A single experienced surgeon carried out every surgical intervention. Cephalometric measurements taken on pretreatment and postoperative digitized cephalograms were used to measure the extent of jaw displacement after surgery. The digitized tracings were superimposed in reference to the sella-nasion line and on natural cranial structures. The horizontal distances between the baseline A and B points with the postoperative A and B points were measured as was the extent of the jaws’ advancement and setback (Fig. 1).

Anthropometric photographic measurements

Profile digital photographs were verified as being true sized, by superimposing them on the true-size lateral cephalographs. In frontal photographs, this was confirmed by comparing the clinical intercanthal width with that measured on the image. All measurements were taken by a single examiner. Digitized lateral cephalograms superimposed on the profile

photograph were evaluated once at baseline before surgery (T1) and once 7.0 ± ۱.۰۲ months after surgery (T3). On them, the N–SN distance was measured at 0.1 mm accuracy; also the angle measurements ‘columella Inclination, nasolabial, and labiomental’ were measured at 0.5
accuracy. The frontal photographs were evaluated before therapy (T1), after completion of the preoperative phase (T2), and after surgery (T3). On the frontal photographs, anthropometric nasolabial measurements between the landmarks ‘alare (Al), crista philtri (Cph), cheilion (Ch), sub nasion (Sn), labiale superius (Ls), stomion superius (Stms), stomion inferius (Stmi), labial inferius (Li), sublabial (Sl), and subalare (Sbal)’ (Fig. 2; Table 1) were recorded as described by Farkas [11].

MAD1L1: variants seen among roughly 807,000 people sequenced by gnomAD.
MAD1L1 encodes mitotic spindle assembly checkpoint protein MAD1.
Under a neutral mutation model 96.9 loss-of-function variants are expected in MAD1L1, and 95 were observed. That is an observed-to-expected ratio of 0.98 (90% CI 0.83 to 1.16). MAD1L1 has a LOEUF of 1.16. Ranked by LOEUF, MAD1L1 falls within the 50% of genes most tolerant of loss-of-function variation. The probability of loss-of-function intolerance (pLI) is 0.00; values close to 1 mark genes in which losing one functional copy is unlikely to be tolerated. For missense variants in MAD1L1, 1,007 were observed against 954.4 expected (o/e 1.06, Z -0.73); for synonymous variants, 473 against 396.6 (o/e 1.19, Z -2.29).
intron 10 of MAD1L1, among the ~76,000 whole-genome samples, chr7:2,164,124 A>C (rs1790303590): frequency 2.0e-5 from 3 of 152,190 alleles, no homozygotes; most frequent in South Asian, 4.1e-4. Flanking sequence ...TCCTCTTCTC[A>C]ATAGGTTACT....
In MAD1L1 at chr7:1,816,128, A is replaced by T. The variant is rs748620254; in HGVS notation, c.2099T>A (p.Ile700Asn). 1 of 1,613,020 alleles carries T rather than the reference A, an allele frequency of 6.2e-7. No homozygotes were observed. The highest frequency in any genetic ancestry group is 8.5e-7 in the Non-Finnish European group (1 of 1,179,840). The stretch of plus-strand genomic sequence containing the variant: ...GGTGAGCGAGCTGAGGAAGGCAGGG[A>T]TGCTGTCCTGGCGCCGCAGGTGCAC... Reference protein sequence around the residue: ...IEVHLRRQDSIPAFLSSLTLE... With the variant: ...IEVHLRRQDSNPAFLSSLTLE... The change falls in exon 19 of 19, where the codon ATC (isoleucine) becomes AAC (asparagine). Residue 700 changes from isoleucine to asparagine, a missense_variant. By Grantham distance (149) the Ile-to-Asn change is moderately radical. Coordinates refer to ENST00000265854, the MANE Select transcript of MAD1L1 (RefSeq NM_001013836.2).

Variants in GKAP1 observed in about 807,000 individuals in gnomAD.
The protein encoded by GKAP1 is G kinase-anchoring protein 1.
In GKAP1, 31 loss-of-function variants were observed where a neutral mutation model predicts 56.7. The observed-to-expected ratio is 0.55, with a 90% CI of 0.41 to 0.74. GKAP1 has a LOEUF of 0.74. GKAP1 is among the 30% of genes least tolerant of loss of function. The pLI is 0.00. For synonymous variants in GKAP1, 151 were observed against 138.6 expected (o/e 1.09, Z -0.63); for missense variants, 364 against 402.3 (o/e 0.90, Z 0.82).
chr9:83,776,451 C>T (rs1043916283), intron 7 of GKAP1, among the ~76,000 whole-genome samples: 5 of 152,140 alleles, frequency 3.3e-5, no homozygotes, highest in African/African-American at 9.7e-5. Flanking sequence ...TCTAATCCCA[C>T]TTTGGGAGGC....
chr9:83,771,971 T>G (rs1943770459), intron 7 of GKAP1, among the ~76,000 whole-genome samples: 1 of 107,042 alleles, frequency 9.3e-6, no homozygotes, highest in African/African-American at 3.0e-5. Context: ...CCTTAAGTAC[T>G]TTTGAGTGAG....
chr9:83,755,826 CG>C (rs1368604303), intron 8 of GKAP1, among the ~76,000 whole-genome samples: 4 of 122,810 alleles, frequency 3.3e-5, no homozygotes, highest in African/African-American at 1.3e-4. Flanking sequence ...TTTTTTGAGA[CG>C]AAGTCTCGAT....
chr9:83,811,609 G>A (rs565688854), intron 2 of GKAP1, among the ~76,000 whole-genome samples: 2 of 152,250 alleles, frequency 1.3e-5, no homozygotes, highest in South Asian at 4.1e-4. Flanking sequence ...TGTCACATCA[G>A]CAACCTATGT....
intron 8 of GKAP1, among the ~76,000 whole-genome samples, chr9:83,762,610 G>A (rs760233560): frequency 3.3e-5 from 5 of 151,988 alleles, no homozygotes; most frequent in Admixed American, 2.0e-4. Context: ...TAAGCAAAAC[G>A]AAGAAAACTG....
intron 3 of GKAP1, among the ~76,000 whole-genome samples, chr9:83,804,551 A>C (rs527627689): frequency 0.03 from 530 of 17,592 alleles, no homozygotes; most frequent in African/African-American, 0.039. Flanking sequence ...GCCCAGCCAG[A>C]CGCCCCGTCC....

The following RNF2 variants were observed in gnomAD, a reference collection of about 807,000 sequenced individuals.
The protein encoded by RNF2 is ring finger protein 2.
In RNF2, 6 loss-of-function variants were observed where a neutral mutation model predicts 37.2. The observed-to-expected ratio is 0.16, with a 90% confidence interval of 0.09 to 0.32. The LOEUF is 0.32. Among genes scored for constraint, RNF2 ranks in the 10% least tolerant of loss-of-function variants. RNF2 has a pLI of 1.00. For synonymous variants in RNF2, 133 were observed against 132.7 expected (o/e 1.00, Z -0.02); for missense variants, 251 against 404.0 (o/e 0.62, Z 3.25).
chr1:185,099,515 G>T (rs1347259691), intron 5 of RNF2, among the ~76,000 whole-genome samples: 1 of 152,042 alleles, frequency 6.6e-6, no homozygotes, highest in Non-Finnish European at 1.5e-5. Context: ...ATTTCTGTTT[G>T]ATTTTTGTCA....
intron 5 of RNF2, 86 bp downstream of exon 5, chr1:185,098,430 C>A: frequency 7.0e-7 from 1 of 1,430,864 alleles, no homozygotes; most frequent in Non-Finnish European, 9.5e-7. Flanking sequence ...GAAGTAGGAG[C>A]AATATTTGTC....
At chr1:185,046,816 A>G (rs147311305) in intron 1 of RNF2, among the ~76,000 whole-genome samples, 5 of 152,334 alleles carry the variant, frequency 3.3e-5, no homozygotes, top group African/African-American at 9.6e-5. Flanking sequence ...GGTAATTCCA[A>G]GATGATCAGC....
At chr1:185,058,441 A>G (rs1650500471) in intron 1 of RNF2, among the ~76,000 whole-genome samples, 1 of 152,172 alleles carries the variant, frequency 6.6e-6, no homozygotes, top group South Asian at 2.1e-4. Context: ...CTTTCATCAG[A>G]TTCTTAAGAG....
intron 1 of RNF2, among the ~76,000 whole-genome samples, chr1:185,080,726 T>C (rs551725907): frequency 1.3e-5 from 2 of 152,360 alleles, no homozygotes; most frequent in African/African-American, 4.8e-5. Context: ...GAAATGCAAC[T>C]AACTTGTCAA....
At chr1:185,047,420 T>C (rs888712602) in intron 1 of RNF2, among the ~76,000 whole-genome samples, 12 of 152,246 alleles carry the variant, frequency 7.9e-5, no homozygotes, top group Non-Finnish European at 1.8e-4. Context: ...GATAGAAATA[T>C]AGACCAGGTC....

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Tab. 1 Linear anthropometric measurements Tab. 1 Lineare anthropometrische Messungen Definition Measurement
Nasal width Al–Al Width of the philtrum Cph–Cph Width of the mouth Ch–Ch Cutaneous upper lip height Sn–Ls Vermilion height of upper lip Ls–Stms Overall upper lip height Sn–Stms Vermilion height of lower lip Stmi–Li Cutaneous lower lip height Li–Sl Overall lower labial height Stmi–Sl Lateral upper lip height (right) Sbal–Ls (right) Lateral upper lip height (left) Sbal–Ls (left) Al alare, Cph crista philtri, Ch cheilion, Sn sub nasion, Ls labiale superius, Stms stomion superius, Stmi stomion inferius, Li labial inferius, Sl sublabial, Sbal subalare

Statistical analysis and method error